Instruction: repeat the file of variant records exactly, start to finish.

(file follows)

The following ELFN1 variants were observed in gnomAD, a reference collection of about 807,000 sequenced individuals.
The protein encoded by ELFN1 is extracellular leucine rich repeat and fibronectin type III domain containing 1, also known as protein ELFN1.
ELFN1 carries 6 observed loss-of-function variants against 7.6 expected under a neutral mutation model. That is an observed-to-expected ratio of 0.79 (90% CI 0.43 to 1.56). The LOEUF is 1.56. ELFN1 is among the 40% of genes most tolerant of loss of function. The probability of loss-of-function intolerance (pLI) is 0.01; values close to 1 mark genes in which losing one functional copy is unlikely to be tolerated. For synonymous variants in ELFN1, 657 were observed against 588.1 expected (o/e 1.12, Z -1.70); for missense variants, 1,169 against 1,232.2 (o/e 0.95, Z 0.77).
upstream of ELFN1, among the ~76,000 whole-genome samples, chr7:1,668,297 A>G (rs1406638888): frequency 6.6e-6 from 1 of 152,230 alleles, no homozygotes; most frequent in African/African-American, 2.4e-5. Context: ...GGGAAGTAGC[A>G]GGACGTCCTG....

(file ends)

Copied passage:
The following ELFN1 variants were observed in gnomAD, a reference collection of about 807,000 sequenced individuals.
The protein encoded by ELFN1 is extracellular leucine rich repeat and fibronectin type III domain containing 1, also known as protein ELFN1.
ELFN1 carries 6 observed loss-of-function variants against 7.6 expected under a neutral mutation model. That is an observed-to-expected ratio of 0.79 (90% CI 0.43 to 1.56). The LOEUF is 1.56. ELFN1 is among the 40% of genes most tolerant of loss of function. The probability of loss-of-function intolerance (pLI) is 0.01; values close to 1 mark genes in which losing one functional copy is unlikely to be tolerated. For synonymous variants in ELFN1, 657 were observed against 588.1 expected (o/e 1.12, Z -1.70); for missense variants, 1,169 against 1,232.2 (o/e 0.95, Z 0.77).
upstream of ELFN1, among the ~76,000 whole-genome samples, chr7:1,668,297 A>G (rs1406638888): frequency 6.6e-6 from 1 of 152,230 alleles, no homozygotes; most frequent in African/African-American, 2.4e-5. Context: ...GGGAAGTAGC[A>G]GGACGTCCTG....